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lt_ethe
02-17-2003, 07:57 PM
So when I do bake global illumination according to the tutorials, my object starts at a default 100% white, and the darkest areas are colored in various shades of black and grey.

This is great to find the shadows of an object, but suppose I want to also bake the highlights on an object?

Now, this brings up a few questions. I suspect I could get more range of values with a HDRI (I know very little about HDRI and how it works, but I understand the general premise.) If you all can confirm to me that I can bake the highlights/raised areas of an object with a HDRI then my second question, is is HDRI manipulatable in photoshop?

I ask this because these images must be baked for games, so I don't so much need a HDRI as much as I need to compress the information into a standard LDRI.

I would be doing more exploring and less asking, but my few tests of baking/rendering a HDRI has resulted in a black image which dosen't help me at all. I'm not sure where to start to ensure that a HDRI gives me usable results.

Also, if I'm completely on the wrong track to be using a HDRI, somebody please tell me. All I want is a baked illumination map that will give me raised areas as well as shodows so I can apply it as a layer for a game engine.

Thanks for sitting through my rambling mess of a post. Any help appreciated.

Red_Oddity
02-18-2003, 03:35 AM
First, you can't bake a highlight (assuming you mean specular highlight) since it is camera angle dependant (same as bump and reflections)

Second, i have no experience baking HDRI, what you could though is trying to bake to RPF or FLX file (these support floating point and thus allow you to pass the 0-255 limit 8 bit images offer you)

Lynx3d
02-18-2003, 06:52 AM
I'm not sure what you actually want to bake...the whole surface (color, illumination etc)?
If you bake everything you get an image that represents the final surface color, so where it would render 50% white the image is 50% white etc.

You can save baked surfaces as .hdr or LogLuv .tif to keep the dynamic range (don't know about FLX and RPF, actually i couldn't even find RPF in the list...)

But if you want to use it in games as anyway but find it hard to handle the lighting strength, you can edit the image within LW (i just found out it gets loaded in the render display :D newer really baked anything), so change the exposure etc and save it in any format you like.
Photoshop can not handle HDR images (unless i missed something)

btw, bumpmaps do get baked, only things that depend on the viewing angle obviously can't be baked.

Red_Oddity
02-18-2003, 09:09 AM
RPF is found under Image filter tab (Extended RPF/RLA Export), you can adjust the settings using the Deluxe RLA (not sure it does these settings on RPF aswell, come to think of it...ahwell, might try that later.)

As for FLX, i believe it is a native format to LW.

lt_ethe
02-18-2003, 01:14 PM
I'd like to bake illumination. I do everything in layers, for post editing in photoshop, so I don't want everything baked down to one image map. Until I'm done working in photoshop that is.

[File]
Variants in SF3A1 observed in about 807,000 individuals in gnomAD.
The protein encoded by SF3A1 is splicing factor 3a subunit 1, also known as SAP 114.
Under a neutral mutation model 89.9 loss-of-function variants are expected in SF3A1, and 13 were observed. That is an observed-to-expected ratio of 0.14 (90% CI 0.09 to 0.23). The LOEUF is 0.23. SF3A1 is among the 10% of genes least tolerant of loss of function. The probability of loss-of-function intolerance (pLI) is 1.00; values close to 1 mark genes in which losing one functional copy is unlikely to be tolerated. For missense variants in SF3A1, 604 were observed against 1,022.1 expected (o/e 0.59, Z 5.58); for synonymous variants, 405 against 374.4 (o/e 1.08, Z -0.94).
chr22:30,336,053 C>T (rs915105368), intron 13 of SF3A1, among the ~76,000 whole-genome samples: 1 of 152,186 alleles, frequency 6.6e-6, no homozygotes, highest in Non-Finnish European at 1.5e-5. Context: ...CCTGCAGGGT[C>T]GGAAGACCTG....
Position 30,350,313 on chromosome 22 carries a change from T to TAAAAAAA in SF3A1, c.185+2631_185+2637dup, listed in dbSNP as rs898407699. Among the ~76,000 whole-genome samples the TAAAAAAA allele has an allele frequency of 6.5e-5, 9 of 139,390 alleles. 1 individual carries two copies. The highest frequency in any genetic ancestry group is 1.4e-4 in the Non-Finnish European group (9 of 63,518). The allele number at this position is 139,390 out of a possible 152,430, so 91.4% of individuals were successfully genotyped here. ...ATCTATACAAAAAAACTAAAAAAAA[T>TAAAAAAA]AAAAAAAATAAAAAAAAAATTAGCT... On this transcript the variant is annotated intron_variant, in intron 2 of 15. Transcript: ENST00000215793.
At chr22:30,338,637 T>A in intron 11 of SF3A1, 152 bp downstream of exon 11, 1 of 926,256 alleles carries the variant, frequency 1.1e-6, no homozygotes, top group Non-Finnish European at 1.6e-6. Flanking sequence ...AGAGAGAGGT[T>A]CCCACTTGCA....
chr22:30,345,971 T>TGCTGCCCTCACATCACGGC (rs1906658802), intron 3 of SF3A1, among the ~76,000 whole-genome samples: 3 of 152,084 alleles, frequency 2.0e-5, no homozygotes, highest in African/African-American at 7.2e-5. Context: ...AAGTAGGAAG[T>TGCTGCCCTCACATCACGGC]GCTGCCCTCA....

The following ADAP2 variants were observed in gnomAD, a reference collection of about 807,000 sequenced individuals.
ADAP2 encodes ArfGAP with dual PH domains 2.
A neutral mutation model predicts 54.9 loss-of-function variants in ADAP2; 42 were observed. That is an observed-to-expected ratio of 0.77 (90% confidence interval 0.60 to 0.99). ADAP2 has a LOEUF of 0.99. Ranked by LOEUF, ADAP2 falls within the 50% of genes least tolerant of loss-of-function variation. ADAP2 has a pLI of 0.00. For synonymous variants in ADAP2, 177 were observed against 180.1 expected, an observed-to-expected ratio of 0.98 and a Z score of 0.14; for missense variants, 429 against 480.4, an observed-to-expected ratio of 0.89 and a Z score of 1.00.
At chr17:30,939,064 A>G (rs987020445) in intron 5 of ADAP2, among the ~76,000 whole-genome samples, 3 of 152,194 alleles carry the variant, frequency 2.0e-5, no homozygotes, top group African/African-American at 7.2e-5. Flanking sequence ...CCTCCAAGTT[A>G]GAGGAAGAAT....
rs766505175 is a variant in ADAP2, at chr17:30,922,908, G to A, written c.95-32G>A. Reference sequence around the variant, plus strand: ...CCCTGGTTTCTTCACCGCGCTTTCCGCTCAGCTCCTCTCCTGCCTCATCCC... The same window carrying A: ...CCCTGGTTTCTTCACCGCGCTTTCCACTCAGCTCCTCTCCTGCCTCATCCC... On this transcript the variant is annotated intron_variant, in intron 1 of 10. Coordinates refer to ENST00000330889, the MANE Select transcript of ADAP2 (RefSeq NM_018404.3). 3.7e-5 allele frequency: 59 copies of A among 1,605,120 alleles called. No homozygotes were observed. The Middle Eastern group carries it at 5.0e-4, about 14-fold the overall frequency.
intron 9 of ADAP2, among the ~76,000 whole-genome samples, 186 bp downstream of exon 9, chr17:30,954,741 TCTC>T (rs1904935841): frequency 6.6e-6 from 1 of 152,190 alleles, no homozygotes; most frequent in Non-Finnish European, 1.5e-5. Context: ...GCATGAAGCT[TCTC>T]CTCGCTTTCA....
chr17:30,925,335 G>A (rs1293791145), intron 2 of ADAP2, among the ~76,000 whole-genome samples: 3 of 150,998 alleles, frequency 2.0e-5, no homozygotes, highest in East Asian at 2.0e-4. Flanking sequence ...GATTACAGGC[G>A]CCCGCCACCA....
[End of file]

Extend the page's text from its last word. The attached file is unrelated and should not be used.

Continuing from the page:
As for exposure control... I found I could alter it by changing the color of the background... Makes sense, but even that's not what I need.

I dunno how to explain this... But you know how corners of objects pick up a highlight? It would seem to me that if I have a global illumination light that is recording my shadow information, it'd highlight all my sharp angles evenly... But like I said, GI seems only good for shadow information, so I'm adding the angle highlights in photoshop.

Red_Oddity
02-19-2003, 05:44 AM
I have a workaround to specular baking and will write a short tut on this, however, right now i have no web space (my server ditched me.)

I can tell you however to play around with gradients applied to the diffuse channel.
Set the input for these gradients to Light Incidence and choose the light you want to create speculars.
More specular sources mean more layers and gradients.

here's a setting:
Diffuse value, normal for your object in general (say 80%)
Open the Texture Editor on your diffuse and add a Layer.

Layer Type : Gradient
Blending mode : Additive
Layer Opacity : 100% or jazz it up for brighter spots (might give errors, have to find this out yet.)
Input Parameter : Light Incidence
Light : choose one

Gradient Parameters:

1: Value 100%, Alpha 0%, Parameter 0
2: Value 100%, Alpha 0%, Parameter 78 for example
3: Value 500%, Alpha 100%, Parameter 90 for example

Parameter 1 and 2 are Alpha so you can stack without screwing up your initial diffuse settings.
Parameter 2 and 3 define the specular.
Parameter 2 is where the specular begins (at its lowest value)
Parameter 3 is the brightest spot of your specular

Adjust 2 and 3 (Parameters) to get a bigger or smaller spot.
Moving 3 towards 2 gives a smaller rolloff and thus results in a sharper specular.


This technique even bakes the influence of bumpmaps (might require Raytracing)

-----
This sofar is 'as is', i haven't tested too much with this yet and it is a workaround, thus might not always be sufficient...
I was writting a tut on this, but my server trashed my account...so until then i can't post anything (i might send it to NewTek though when it is finished...)

Hope this helped a bit

lt_ethe
02-20-2003, 11:09 AM
Really slick Red. That'll work real nice when I have to bake environments. Not quite so good for global illuminated characters... I could create a fake global illumination rig to get the results necessary, but that's almost more trouble then it's worth.

Guess I'll stick with photoshoping in highlights for a while.

But thanks again Red, that's really usefull for environmental setups.